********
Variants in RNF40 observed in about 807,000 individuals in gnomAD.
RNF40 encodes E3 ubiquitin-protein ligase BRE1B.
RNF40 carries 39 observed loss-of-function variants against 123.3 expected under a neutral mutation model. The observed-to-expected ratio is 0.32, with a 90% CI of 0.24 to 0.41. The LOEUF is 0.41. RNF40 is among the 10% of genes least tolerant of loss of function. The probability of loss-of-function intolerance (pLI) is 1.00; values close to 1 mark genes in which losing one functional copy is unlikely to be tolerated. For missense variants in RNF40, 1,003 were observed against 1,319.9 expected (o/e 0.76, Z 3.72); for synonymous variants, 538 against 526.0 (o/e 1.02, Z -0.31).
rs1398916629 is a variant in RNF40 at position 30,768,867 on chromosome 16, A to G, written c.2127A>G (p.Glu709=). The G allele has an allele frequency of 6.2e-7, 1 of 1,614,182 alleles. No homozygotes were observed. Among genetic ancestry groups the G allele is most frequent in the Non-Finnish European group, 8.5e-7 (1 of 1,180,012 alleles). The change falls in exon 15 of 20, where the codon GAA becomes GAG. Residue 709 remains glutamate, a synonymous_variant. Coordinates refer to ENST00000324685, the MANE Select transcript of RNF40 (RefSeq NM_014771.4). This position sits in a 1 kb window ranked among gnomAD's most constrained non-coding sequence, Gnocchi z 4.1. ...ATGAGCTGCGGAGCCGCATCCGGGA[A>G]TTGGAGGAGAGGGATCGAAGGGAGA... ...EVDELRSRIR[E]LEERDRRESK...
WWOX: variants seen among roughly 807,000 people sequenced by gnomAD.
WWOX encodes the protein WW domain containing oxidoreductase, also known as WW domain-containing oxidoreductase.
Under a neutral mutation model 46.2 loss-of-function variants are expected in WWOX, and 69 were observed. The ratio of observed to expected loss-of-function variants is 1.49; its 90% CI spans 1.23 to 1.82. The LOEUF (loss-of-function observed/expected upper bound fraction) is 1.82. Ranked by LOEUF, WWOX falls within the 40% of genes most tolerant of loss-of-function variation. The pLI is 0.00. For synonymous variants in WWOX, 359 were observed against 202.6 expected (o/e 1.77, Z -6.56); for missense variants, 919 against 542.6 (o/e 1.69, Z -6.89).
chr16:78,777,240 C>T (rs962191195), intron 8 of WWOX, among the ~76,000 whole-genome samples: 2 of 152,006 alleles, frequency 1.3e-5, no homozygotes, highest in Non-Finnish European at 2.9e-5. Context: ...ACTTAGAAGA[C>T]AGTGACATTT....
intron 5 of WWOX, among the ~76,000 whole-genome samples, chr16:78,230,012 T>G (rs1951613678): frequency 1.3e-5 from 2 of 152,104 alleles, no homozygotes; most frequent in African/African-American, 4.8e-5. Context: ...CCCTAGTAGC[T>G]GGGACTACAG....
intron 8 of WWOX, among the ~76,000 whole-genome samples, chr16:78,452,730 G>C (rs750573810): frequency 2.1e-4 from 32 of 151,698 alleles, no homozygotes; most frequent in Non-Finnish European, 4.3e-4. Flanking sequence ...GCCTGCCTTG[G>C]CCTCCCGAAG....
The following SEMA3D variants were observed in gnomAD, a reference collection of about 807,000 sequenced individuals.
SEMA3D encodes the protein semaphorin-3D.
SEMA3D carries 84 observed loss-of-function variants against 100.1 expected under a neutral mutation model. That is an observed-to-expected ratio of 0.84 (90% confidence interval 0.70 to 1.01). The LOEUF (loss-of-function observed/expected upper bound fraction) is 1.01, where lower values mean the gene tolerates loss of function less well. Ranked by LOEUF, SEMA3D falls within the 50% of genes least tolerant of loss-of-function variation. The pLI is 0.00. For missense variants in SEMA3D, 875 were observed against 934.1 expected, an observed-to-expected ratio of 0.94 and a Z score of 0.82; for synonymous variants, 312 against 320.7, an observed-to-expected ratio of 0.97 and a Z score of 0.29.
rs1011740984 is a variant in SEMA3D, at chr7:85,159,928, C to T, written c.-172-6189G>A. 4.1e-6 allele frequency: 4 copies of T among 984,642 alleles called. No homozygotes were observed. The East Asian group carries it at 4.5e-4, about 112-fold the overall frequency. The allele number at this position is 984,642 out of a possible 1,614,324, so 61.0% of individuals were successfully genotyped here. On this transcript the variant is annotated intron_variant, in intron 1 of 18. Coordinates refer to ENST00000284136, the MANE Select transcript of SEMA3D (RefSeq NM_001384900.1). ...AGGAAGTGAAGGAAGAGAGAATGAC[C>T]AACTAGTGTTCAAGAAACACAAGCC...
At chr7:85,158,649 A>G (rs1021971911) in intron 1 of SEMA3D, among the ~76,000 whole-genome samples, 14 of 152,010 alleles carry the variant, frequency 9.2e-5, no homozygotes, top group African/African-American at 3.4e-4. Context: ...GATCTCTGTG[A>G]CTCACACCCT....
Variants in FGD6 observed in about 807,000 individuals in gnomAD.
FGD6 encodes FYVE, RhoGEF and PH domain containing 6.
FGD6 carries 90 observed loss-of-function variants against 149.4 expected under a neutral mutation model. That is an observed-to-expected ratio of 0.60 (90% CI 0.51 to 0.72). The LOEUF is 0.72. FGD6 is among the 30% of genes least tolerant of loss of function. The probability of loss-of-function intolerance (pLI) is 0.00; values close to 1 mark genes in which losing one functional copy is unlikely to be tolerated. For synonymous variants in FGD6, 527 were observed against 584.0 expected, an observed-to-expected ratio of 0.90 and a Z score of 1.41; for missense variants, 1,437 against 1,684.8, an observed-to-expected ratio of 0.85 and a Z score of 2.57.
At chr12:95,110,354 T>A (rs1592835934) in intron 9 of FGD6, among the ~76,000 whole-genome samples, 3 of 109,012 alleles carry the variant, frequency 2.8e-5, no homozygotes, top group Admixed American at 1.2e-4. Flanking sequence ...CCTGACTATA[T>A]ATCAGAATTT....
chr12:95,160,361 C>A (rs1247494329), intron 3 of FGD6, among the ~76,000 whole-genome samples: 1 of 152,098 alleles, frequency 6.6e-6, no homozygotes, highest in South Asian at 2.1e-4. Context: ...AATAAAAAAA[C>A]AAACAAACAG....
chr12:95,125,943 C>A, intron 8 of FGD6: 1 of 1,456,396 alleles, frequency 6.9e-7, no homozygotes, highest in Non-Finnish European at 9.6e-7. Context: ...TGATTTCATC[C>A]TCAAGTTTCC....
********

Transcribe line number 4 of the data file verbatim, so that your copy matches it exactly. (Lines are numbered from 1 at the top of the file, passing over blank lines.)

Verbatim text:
rs1398916629 is a variant in RNF40 at position 30,768,867 on chromosome 16, A to G, written c.2127A>G (p.Glu709=). The G allele has an allele frequency of 6.2e-7, 1 of 1,614,182 alleles. No homozygotes were observed. Among genetic ancestry groups the G allele is most frequent in the Non-Finnish European group, 8.5e-7 (1 of 1,180,012 alleles). The change falls in exon 15 of 20, where the codon GAA becomes GAG. Residue 709 remains glutamate, a synonymous_variant. Coordinates refer to ENST00000324685, the MANE Select transcript of RNF40 (RefSeq NM_014771.4). This position sits in a 1 kb window ranked among gnomAD's most constrained non-coding sequence, Gnocchi z 4.1. ...ATGAGCTGCGGAGCCGCATCCGGGA[A>G]TTGGAGGAGAGGGATCGAAGGGAGA... ...EVDELRSRIR[E]LEERDRRESK...